|Construction Spending (JUN) (m/m)|
|0.1%||0.6%||1.8%||Aug 03 14:00|
Why is positioning in US 10-year treasury notes at its most bullish levels in 27 years despite several FOMC members calling for at least one rate hike this year? The latest positioning figures from the CFTC show longs exceeding shorts by 65,642 contracts, the biggest net long position since May 2013. Such growing bullishness on the 10-year treasury is consistent with the 5-week decline in bond yields, which coincided with plunging oil prices.
Ten-year treasury yields are testing the crucial 6-month trendline after breaking below the 200-week MA. A break below 2.08% this week should invite bond bears to further selling, until the psychological 2.00% is likely to hold.
Monday's weaker than expected US reports on July ISM manufacturing (52.7 from 53.5), prices paid (49.5 from 44.0), employment (52.7 from 55.5) and June construction spending (0.1% from 0.8%) are not sufficient to remove the case from the Fed-hike camp after core PCE rose to 1.3% in June.
But taking a look at speculative positioning among bond traders might give us an idea about forward-looking trades. Last week's release of record low ECI q/q has diminished odds for a September hike for now. The negative impact of tumbling oil on stocks and the economy outweighs the windfalls to consumers and non-energy companies, which explains the clearly direct relationship between yields and oil prices. This point is hugely debatable, but the capex realities between energy and non-energy firms as well as the use of cash for buybacks helps explains those implications.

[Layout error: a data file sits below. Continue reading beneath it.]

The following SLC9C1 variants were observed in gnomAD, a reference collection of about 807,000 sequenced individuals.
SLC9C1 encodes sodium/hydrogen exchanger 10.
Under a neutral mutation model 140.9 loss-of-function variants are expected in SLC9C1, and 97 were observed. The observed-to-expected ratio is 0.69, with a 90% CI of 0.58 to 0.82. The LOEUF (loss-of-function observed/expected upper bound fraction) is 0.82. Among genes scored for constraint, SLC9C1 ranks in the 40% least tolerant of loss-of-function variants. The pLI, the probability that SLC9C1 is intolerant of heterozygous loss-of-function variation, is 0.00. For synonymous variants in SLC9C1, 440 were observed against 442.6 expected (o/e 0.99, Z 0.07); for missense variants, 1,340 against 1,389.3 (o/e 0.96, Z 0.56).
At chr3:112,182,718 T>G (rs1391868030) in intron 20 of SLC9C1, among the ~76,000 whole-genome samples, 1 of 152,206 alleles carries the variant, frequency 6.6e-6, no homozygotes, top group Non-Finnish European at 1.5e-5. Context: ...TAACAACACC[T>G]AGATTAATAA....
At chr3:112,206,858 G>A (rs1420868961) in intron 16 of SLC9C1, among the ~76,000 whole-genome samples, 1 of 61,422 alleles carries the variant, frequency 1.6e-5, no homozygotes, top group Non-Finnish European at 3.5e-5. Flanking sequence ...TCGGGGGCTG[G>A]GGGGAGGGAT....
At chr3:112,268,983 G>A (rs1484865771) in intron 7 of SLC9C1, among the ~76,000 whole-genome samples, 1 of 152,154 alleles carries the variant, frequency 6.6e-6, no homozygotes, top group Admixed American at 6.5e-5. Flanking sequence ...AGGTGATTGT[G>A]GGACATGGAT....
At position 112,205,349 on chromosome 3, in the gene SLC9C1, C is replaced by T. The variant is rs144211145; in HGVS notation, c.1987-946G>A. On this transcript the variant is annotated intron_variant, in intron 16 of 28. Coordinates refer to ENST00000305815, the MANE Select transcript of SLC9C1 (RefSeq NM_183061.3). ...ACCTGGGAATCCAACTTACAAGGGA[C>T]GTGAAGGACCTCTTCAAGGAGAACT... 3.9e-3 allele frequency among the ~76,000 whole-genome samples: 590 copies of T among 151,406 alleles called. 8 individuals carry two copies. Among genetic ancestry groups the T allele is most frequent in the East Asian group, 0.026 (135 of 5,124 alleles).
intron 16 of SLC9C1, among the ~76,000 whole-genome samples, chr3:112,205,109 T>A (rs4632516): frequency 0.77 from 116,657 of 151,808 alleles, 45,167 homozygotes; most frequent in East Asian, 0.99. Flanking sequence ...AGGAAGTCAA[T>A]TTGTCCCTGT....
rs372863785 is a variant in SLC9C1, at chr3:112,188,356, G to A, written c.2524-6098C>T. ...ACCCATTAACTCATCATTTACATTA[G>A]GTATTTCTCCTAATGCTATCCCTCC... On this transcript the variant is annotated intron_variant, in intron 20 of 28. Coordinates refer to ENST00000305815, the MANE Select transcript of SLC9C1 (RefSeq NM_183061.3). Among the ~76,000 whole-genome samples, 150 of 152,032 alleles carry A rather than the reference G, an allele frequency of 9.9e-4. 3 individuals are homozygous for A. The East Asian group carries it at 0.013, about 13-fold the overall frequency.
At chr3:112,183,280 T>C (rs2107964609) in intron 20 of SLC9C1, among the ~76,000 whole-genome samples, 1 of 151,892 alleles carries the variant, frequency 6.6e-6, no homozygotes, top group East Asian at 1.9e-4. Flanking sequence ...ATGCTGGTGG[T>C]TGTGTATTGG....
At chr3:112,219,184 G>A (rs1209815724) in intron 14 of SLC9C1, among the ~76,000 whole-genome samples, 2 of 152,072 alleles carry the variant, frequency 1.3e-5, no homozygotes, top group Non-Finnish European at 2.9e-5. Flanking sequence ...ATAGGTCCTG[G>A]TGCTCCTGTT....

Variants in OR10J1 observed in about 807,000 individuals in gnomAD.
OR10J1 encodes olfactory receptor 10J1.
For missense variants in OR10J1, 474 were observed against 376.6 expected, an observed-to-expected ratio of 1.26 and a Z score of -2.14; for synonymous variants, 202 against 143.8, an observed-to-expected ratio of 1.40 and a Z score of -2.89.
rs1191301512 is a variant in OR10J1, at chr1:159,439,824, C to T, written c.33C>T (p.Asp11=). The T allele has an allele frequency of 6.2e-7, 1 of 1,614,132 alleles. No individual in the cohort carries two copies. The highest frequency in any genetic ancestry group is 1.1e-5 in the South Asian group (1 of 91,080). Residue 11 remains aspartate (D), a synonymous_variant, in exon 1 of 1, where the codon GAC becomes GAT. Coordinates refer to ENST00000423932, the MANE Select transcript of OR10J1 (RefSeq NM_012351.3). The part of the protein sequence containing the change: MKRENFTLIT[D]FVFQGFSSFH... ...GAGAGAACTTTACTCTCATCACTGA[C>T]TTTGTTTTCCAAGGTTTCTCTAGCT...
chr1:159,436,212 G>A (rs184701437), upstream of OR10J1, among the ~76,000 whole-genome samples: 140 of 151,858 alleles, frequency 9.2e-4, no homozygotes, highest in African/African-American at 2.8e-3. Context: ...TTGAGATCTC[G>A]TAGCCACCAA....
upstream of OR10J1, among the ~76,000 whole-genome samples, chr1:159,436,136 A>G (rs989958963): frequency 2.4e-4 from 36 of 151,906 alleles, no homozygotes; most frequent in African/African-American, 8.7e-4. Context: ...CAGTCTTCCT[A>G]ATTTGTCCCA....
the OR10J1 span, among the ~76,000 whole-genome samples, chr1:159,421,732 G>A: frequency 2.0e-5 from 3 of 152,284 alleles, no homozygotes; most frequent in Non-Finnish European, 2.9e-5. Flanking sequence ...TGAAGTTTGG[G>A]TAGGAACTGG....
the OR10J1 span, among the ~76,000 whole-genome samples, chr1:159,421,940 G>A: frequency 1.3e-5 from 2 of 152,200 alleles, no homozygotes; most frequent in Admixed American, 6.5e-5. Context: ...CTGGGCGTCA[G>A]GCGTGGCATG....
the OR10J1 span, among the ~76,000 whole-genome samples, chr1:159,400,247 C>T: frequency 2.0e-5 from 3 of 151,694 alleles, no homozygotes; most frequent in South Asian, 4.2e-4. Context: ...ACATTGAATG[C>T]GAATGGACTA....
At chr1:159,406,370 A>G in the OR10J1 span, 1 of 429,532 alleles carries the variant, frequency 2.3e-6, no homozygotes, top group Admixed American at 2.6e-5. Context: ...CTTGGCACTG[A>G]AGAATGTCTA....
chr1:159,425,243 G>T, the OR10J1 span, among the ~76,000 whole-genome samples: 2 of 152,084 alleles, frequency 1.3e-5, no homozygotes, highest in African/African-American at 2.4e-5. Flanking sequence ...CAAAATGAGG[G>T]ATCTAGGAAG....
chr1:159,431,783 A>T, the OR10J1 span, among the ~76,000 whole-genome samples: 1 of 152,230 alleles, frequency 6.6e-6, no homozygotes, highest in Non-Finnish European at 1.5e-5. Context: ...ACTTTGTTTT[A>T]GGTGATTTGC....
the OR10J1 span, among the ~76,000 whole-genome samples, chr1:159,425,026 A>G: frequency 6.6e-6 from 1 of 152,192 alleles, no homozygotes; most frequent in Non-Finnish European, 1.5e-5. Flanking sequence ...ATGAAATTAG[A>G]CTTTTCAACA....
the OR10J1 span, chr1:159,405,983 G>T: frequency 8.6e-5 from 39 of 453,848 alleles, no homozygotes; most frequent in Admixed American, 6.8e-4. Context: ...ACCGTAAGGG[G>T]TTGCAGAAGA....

Friday will reveal the crucial release of NFP and average hourly earnings, which will be followed by the latest Fed pronouncements at the Jackson Hole symposium later this month, before the August NFP is released on September 4th. Meanwhile, speculative positioning among treasury speculators should be added to your watch list.